Omicron boosters better at preventing COVID infection than previous shots: CDC

A Jackson-Hinds Comprehensive Health Center nurse loads a syringe with a Moderna COVID-19 booster vaccine at an inoculation station next to Jackson State University in Jackson, Miss., Friday, Nov. 18, 2022. (AP Photo/Rogelio V. Solis)

New data from the Centers for Disease Control and Prevention (CDC) shows that the updated, bivalent COVID-19 boosters provided better protection against infection when compared to multiple doses of the original mRNA COVID-19 vaccines.

The study, conducted between September and November, analyzed more than 360,000 viral tests for adults. The tests came from nearly 10,000 retail pharmacy locations and only included adults who had symptoms of SARS-CoV-2 and did not have immunocompromising conditions.

Findings from the CDC study indicated that the bivalent booster shots from Pfizer and Moderna, made to specifically protect against the BA.4 and BA.5 omicron subvariants, provided stronger protection when those who received it were compared to people who only received two, three or four doses of the original monoclonal vaccine.

Among the individuals in the study who tested positive for COVID-19, 72 percent had received two, three or four doses of the monoclonal vaccine and 5 percent reported having received the bivalent booster.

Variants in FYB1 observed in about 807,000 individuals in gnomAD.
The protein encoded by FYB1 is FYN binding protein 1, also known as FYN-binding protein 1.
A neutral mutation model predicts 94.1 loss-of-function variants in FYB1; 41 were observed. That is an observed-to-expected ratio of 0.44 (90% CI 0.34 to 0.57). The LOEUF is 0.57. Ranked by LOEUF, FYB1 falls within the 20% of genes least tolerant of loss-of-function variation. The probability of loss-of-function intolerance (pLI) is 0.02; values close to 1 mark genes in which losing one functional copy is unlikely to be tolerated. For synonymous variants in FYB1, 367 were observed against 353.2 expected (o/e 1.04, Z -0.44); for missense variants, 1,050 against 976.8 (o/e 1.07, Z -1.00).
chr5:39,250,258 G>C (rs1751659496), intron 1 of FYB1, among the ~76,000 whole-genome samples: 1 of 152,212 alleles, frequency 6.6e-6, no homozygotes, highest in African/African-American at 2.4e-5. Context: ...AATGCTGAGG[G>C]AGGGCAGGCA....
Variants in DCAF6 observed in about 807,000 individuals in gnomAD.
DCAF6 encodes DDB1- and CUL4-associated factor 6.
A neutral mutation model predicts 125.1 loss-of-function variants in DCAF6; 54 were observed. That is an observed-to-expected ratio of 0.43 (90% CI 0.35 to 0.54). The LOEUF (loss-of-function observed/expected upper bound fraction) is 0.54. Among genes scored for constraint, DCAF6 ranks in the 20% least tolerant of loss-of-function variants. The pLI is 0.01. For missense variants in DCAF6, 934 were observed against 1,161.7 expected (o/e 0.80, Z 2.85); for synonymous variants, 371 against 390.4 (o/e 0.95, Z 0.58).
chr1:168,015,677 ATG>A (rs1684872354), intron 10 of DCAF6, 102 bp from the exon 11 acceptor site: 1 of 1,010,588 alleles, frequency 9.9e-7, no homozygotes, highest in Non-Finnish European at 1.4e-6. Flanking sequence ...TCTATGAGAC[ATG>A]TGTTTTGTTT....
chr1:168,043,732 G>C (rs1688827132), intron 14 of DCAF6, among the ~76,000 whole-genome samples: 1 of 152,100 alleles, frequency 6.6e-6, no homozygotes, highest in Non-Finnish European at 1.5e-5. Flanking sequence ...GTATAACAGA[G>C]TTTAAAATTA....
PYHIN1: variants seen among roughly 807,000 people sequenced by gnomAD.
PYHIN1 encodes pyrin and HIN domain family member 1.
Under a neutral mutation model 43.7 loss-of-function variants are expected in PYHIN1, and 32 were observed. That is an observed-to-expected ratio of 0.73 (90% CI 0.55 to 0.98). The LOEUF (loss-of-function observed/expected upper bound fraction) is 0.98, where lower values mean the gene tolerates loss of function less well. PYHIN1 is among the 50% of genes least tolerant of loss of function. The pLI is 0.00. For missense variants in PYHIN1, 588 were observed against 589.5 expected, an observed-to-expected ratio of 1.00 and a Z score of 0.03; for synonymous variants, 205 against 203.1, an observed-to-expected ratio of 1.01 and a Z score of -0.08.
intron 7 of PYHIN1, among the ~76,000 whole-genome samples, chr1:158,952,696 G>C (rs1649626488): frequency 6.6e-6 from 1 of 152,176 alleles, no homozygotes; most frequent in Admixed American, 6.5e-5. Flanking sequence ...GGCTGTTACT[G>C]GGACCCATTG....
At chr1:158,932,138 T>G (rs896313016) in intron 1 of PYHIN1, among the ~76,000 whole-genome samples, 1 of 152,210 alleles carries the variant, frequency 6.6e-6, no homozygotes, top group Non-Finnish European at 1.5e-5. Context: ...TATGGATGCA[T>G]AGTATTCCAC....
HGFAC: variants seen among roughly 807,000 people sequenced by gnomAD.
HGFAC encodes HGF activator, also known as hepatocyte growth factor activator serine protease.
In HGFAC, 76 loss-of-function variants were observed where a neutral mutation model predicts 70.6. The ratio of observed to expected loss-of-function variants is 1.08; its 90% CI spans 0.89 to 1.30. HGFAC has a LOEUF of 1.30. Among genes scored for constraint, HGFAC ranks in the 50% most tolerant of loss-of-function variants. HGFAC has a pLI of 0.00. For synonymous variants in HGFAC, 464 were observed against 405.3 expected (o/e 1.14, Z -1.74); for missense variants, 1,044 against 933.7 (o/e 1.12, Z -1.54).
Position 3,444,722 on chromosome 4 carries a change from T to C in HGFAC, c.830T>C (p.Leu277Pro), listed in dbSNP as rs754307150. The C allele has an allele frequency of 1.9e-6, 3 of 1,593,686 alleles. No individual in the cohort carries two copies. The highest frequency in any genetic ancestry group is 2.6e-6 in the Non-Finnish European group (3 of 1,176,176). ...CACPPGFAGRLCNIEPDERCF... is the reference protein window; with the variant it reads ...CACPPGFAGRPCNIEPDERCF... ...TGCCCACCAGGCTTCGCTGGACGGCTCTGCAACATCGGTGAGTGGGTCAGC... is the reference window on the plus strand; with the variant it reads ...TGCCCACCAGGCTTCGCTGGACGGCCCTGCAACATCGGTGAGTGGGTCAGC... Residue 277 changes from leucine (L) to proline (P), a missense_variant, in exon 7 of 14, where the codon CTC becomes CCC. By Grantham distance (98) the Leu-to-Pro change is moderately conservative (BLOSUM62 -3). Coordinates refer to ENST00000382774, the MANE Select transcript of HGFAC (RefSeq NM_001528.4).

The bivalent booster doses were authorized without human data, and the findings of the study represent some of the first reports of the shot’s efficacy.

White House chief medical adviser Anthony Fauci commented on the findings of the study in a press briefing on Tuesday. Currently, only about 11 percent of eligible people have received an updated booster.

“It is clear now, despite the initial bit of confusion, that the BA.4-5 bivalent booster, what we refer to as the updated vaccine, clearly induces a better response against BA.4-5 and sublineages of BA.4-5 than does the ancestral strain,” Fauci said. “So we know it’s safe. We know that it is effective.

The majority of the tests were conducted at a time when the BA.4 and BA.5 subvariants were dominant in the U.S. The most recent federal data now indicates that BA.5 accounts for roughly a quarter of cases, with its viral descendants BQ.1 and BQ.1.1 each making up about the same proportion of total infections.

Recent data from Pfizer has indicated that the updated booster still offers strong protection against sublineages of BA.4 and BA.5.

Tags Anthony Fauci BA.4 BA.5 bivalent CDC CDC Centers for Disease Control and Prevention COVID COVID-19 COVID-19 vaccines updated COVID-19 vaccine

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